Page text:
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Rape and murder are not extreme examples of harassment. Harassment might be unpleasant but to even have them in the same sentence is ludicrous. There is literally nothing anybody can do to prevent stranger rape except women themselves. This was a unique case in that a serving policeman “arrested” his victim but if a man wants to hide in a secluded spot waiting for a lone woman to pass and attack her then that is what he will do and nobody can do anything about it short of electronic surveillance of every man or to confine us all to our homes.
This sounds a lot like victim blaming here. Women shouldn’t feel the need to change their behaviour to reduce the chances of them being harassed or raped.

Sure, horrific events like this will probably continue to happen as long as humans live. But we can improve education, especially in an era of social media and easy access to violent pornography. We can try and change cultures too - it has been done before with many other issues in society.

Couzens could have been stopped long ago. He had a bad reputation, and had allegedly committed crimes before. With the flashing incident he was involved in weeks previously, he should have been suspended pending further investigation.
He apparently had the nickname ‘The Rapist’ amongst colleagues. If I had a nickname like that in my job, I’d likely be investigated and sacked.

I can’t begin to imagine what the family and friends of Everard are going through and how Couzens actions will forever torment them. I couldn’t read all of her Mum’s victim statement, it was too difficult for me to take in.
It’s also going to be incredibly tough for Couzen’s young children - I can’t imagine they will have a normal life now.
 

Gostav

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Even as a man, l also got troble with my friend in David Lane Tram Stop, Nottingham. When we taken tram photos two rough men approached us said something threatening and harassing. We reported the case to the police but there was no more response.
 

the sniper

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This crime has not destroyed my confidence and trust in the police. I had already realised they are not to be trusted.

Who caught the murderer?

The cretin couzens was hidden in plain sight and seemingly tolerated and protected by fellow officers. He felt able to brazenly abuse his police powers - he has probably pulled dress rehearsals in the past. It's also a good example of how lower level misconducts can build up as people realise what they can get away with.

In my field of work, not exactly known for being a great place for women to work, this guy would have been out on his ear a long time ago. Clearly this is an isolated 'case' but the context of this incident is a police force with a very blotted copy book.

Which would have avoided what happened? If anything I wonder, following the incident that happened three days before, whether he knew he'd pushed his luck too far and this was his final act. Even if he'd been sacked, he could have easily replicated his final crime.

We're talking about someone who took his wife and kids for a walk around the forest where he'd raped and murdered his victim and destroyed her body. I'm not sure he was minded to see the error of his ways and reform... He did this with everything to lose. I can only consider someone with nothing left to lose far more dangerous. That's not to say he shouldn't have been sacked/imprisoned before, but I'm not sure how his final act could have been prevented.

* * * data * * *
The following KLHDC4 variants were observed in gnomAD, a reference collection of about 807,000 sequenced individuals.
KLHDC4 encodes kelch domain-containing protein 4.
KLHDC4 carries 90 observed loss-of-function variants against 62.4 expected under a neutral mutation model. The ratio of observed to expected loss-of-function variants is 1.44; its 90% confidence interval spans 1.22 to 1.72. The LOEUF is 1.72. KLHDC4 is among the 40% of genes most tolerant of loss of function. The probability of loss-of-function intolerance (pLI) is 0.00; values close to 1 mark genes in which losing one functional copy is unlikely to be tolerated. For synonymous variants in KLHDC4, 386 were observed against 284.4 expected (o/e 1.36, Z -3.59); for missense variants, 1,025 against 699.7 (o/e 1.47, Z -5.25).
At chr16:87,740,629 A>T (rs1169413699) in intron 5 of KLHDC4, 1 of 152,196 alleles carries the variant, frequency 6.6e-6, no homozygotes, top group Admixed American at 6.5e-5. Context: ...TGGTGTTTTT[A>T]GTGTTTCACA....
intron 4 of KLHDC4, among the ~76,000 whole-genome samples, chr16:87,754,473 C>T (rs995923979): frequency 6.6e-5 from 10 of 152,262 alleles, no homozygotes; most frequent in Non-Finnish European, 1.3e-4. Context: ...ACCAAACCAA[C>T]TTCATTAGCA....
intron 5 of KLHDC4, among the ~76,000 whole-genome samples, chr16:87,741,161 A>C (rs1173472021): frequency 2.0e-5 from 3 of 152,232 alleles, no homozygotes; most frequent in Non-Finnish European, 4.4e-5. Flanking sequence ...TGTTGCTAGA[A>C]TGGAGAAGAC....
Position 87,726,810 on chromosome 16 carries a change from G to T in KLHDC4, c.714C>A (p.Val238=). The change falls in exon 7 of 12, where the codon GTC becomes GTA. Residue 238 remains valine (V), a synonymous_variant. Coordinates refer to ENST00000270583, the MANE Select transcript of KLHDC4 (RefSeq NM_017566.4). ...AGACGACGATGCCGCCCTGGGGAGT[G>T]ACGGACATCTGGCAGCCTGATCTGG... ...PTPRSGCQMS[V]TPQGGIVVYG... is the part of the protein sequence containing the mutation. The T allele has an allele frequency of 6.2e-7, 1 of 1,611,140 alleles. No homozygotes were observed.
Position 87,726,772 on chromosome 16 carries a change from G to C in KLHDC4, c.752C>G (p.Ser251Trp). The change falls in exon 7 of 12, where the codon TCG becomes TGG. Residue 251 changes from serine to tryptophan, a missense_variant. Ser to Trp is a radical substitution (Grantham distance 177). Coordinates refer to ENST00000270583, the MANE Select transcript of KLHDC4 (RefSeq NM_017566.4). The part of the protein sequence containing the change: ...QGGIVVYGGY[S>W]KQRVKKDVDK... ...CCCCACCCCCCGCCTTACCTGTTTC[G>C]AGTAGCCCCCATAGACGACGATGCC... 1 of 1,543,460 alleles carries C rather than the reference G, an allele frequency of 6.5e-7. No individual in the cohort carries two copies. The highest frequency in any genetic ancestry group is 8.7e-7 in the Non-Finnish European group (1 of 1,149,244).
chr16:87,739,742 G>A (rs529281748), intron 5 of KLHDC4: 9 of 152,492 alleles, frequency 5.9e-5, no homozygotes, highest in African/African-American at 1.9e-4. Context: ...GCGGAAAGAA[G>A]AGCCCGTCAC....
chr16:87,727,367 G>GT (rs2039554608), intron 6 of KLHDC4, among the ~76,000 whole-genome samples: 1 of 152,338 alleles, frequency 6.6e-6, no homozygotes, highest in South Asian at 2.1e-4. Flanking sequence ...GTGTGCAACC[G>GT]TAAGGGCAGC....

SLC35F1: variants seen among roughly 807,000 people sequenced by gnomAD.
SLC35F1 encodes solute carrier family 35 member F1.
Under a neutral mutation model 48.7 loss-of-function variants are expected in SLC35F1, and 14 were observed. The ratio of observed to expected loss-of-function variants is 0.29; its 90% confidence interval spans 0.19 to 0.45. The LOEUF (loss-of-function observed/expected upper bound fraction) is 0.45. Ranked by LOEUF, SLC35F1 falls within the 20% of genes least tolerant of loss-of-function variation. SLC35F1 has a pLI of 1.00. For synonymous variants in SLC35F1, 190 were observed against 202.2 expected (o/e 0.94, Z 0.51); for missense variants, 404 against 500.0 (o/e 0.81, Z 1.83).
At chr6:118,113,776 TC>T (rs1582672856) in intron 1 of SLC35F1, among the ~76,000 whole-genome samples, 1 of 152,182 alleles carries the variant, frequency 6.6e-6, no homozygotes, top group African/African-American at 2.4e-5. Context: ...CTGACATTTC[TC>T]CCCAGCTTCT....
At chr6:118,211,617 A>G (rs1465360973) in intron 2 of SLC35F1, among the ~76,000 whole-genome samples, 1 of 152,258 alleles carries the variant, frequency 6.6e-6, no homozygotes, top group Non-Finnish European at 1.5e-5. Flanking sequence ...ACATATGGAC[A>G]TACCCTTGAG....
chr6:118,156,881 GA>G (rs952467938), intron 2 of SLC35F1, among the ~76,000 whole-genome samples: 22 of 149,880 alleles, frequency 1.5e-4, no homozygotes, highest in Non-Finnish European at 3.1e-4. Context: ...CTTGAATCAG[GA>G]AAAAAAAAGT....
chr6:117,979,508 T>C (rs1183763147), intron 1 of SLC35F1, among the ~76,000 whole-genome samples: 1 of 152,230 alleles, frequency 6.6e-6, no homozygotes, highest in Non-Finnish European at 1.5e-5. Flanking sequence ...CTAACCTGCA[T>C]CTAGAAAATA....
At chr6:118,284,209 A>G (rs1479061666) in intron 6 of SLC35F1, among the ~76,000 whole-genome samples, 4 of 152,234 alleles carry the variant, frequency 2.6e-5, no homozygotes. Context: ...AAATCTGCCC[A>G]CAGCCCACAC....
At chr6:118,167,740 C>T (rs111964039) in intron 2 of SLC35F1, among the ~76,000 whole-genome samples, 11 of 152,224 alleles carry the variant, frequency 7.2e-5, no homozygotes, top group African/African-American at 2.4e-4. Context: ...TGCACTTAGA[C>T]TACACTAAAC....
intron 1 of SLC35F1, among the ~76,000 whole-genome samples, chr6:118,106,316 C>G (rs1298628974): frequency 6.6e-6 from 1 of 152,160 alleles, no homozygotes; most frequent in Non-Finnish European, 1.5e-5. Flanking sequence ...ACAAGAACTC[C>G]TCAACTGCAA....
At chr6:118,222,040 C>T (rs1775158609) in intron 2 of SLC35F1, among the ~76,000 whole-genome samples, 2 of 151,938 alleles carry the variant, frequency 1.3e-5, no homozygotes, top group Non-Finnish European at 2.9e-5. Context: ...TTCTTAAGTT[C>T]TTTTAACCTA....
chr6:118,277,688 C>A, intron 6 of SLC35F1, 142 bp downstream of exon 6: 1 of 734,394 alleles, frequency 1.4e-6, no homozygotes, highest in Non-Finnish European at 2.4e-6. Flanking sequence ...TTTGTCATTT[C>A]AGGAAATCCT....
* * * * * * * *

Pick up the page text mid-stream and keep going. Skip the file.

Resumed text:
If there's anything that should be particularly focused on with the Police, it's the mental health problems. And I don't mean that in the modern, people are a bit fed up, sense. Though with the working conditions, workload, regular exposure to the most awful situations/people and constant vilification of their work, you probably have to be mad to join the Police in the first place now. We will all suffer the consequences of that.

I know that WhatsApp groups can encourage/fuel the kind of laddish bravado that people say thinks that they wouldn't think/say alone but get swept up in a tide of rising comments - just like a lot of people involved in football hooliganism did regular 9-5 jobs but on a Saturday got swept up in a tide of competition for who could be the most alpha-male. A lot of male culture is pretty toxic, guys want to out-do the others, they don't want to appear "weak" so they act like the "alpha" - things escalate.

Too true. WhatsApp is a dangerous cesspit for that kind of stuff, if anything I'd say its toxic use is no more prevalent than in any other fields of employment. If anything, people in the Police are probably more aware of the risks involved in its use.
 
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LSWR Cavalier

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Perhaps the female share should be more than 51%. Maybe particularly large tall people could be recruited, apparently many of them have a placid temperament because they are used to people being wary of them.

Another possibility is to encourage people to learn martial arts for self-defence.
--
I was half-heartedly attacked by a drunk recently, afterwards I wondered if I should have fought back, but what if I had injured him? I called the Boys in Blue. They said they would seek him out and have words with him, nothing more. I received an envelope with a very detailed survey to gauge my opinion of my contact with the police!
 

the sniper

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Perhaps the female share should be more than 51%. Maybe particularly large tall people could be recruited, apparently many of them have a placid temperament because they are used to people being wary of them.

Another possibility is to encourage people to learn martial arts for self-defence.

Ah, I overlooked these solutions. Silly me. See it, say it, sorted.